Belated report on Skeptics Convention

About a fortnight ago I went to the Australian Skeptics National Convention. I’ve been putting off writing about it, largely because I expected to see a lot more material I could link to (such as other people’s reports, videos, etc). That hasn’t been the case, but there is a report in episode four of The Skeptic Zone.

The best part of the convention was the opportunity to meet people. I started a conversation with Martin Bridgstock almost immediately, and sat next to him during the first couple of talks. Martin was not a speaker at this convention, but I have a lot of respect for him based on videos of his talks at other events.

Later I met Richard Saunders, Kylie Sturgess (Podblack), and other members of the Skepic Zone team. Kylie collects sceptics — she owns about a hundred sceptics preserved in bottles and another fifty with their heads mounted on a wall — but all she got from me was a photograph. (OK, I made up the bit about her collection, but her enthusiasm for scepticism is such that you might almost believe it.) On the second day of the convention, Richard Saunders gave me a copy of an Astronomy Cast CD, containing Astronomy Cast episodes 1-48 inclusive.

I also spoke with Barry Williams, but very briefly. The truth is that Barry speaks so softly in conversation that I struggled to pay attention to what he was saying over the background chaos of the room!

As for the talks, I think my favourite was the one by psychologist Glen Smith on optical ilusions and so on. But I’d have to see each of the talks at least twice to absorb enough of them to write about, or to be really confident which were my favourites. (I expected that the videos would all be posted online, but I’m pretty sure they’re not.)

The worst thing about the convention was the catering. The organisers seemed to treat us as clones (“I like pre-made salad rolls, therefore everyone likes pre-made salad rolls”) and didn’t even go to the courtesy of attaching labels to the trays, listing exactly what ingredients are in the rolls. (This basic etiquette is particularly important if one of those ingredients is mayonnaise or some other type of salad dressing, because such things are the foulest substances known to humanity and have nothing whatsoever to do with food.) Being hungry didn’t do anything for my mood, nor for my ability to concentrate on what the afternoon speakers had to say.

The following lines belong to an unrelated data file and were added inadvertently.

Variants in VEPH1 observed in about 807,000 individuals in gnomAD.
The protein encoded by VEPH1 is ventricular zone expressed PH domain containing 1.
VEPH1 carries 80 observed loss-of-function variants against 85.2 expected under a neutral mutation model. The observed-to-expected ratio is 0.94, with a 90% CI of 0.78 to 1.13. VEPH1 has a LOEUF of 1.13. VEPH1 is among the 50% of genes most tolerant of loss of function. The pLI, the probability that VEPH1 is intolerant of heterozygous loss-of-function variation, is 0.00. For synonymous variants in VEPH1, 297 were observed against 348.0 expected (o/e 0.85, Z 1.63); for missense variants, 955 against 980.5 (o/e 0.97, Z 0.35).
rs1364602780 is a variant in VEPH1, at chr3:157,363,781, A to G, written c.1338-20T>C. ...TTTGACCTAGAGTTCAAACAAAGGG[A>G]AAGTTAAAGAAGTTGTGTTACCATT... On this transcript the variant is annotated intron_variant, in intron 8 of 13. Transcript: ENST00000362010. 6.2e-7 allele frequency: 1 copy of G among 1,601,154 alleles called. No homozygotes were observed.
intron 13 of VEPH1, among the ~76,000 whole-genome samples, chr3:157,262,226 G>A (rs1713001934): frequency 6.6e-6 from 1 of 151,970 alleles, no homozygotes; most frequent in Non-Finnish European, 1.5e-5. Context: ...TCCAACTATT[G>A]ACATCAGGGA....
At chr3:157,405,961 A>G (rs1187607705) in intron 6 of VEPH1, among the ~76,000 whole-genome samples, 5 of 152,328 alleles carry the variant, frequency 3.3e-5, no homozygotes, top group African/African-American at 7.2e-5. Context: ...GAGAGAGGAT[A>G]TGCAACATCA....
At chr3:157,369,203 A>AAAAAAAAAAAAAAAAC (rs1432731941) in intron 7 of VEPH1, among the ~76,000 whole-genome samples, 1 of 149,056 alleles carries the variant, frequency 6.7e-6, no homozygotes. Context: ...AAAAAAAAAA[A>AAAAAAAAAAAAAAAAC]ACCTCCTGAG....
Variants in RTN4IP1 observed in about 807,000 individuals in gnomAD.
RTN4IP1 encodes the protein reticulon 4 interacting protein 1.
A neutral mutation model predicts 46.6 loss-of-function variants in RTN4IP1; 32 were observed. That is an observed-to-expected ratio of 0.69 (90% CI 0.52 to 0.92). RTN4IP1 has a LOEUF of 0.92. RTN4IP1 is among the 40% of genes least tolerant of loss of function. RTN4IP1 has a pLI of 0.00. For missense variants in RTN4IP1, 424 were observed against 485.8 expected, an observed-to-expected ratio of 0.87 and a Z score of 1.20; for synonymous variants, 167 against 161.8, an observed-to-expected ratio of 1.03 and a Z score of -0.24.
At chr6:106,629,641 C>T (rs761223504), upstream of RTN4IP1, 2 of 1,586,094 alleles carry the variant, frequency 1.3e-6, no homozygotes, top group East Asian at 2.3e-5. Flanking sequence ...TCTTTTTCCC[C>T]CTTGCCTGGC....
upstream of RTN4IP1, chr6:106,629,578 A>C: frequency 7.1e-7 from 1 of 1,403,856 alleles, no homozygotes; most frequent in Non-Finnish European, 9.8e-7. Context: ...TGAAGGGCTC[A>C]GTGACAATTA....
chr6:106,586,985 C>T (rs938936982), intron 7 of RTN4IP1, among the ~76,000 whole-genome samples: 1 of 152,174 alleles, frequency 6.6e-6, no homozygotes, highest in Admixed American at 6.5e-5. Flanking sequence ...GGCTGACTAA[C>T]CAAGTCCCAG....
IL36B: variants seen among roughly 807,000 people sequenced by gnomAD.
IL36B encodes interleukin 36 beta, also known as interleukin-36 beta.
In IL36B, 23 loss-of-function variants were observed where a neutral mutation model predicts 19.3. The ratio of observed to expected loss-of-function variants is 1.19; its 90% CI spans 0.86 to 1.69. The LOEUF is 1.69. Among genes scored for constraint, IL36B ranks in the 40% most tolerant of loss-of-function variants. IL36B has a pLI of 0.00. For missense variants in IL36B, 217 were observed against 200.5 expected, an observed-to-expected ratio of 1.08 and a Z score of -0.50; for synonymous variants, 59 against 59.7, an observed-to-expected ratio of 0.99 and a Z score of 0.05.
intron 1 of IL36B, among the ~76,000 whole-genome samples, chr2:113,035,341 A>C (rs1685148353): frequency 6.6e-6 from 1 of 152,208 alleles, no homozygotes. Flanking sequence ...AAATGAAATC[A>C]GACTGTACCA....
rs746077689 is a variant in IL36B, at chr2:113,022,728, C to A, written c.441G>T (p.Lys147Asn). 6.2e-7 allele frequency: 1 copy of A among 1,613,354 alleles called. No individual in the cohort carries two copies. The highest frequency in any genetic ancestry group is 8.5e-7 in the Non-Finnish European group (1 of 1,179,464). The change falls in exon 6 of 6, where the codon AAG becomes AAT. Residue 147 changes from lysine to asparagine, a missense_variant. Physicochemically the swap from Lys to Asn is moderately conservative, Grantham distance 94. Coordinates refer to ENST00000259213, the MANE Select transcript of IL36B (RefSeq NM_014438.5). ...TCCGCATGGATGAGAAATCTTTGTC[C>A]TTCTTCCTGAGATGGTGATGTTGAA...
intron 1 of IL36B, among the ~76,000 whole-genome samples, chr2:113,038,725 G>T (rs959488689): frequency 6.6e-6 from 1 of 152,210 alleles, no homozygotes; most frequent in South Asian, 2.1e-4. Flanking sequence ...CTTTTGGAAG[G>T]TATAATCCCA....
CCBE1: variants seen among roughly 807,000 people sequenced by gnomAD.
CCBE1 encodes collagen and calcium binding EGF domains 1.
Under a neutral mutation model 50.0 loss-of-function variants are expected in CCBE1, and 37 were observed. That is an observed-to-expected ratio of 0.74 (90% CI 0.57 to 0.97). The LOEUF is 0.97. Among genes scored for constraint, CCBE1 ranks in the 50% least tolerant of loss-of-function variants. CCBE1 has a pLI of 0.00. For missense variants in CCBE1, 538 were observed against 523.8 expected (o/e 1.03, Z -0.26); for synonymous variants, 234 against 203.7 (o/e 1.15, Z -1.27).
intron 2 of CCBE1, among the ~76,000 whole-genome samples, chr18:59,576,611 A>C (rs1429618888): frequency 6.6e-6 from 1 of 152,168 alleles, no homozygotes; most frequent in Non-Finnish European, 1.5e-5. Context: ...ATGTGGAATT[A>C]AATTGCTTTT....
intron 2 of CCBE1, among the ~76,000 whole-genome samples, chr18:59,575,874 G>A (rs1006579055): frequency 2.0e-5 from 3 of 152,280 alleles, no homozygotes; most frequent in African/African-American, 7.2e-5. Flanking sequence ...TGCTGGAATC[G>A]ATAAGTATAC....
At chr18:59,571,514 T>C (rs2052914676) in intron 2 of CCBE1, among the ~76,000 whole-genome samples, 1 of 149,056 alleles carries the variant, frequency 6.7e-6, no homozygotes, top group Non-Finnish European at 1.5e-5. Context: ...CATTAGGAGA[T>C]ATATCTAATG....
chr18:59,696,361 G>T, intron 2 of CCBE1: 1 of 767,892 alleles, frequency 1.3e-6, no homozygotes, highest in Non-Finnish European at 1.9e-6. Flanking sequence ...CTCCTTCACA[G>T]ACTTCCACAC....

Overall, there were a lot of good things at the convention, but I should have brought a packed lunch. No complaints about dinner.

4 Responses to “Belated report on Skeptics Convention”

  1. Podblack Says:

    I forgot to mention – I never ate a thing. By the time I finished interviewing people, et al… there were nothing but cookies. Two days, no lunch! :p

  2. John Cowan Says:

    I found the bottles actually somewhat believable: they could have contained just the skeptics’ souls, after all. The heads, well!

    Mayonnaise, properly conceived, is an emulsion of egg yolks and vegetable oil, with vinegar (or lemon juice or other mild acid) added for flavor, and sometimes a bit of mustard (which contains lethicin) as a stabilizer. Food, definitely.

  3. Flesh-eating Dragon Says:

    The real problem with mayonnaise etc is that once applied, it can’t be removed. If someone doesn’t like (say) cucumber, they can always pick out the pieces, whereas adding mayonnaise is non-reversible. And therefore ruins the whole meal.

  4. John Cowan Says:

    Well, yes, trivially so, but the same would be true, say, of cubed ham. If you don’t eat ham, there’s no point in even trying to eat a chef’s salad: by the time you’re done picking through it to get out all the little bits, the rest of your food has gone cold.

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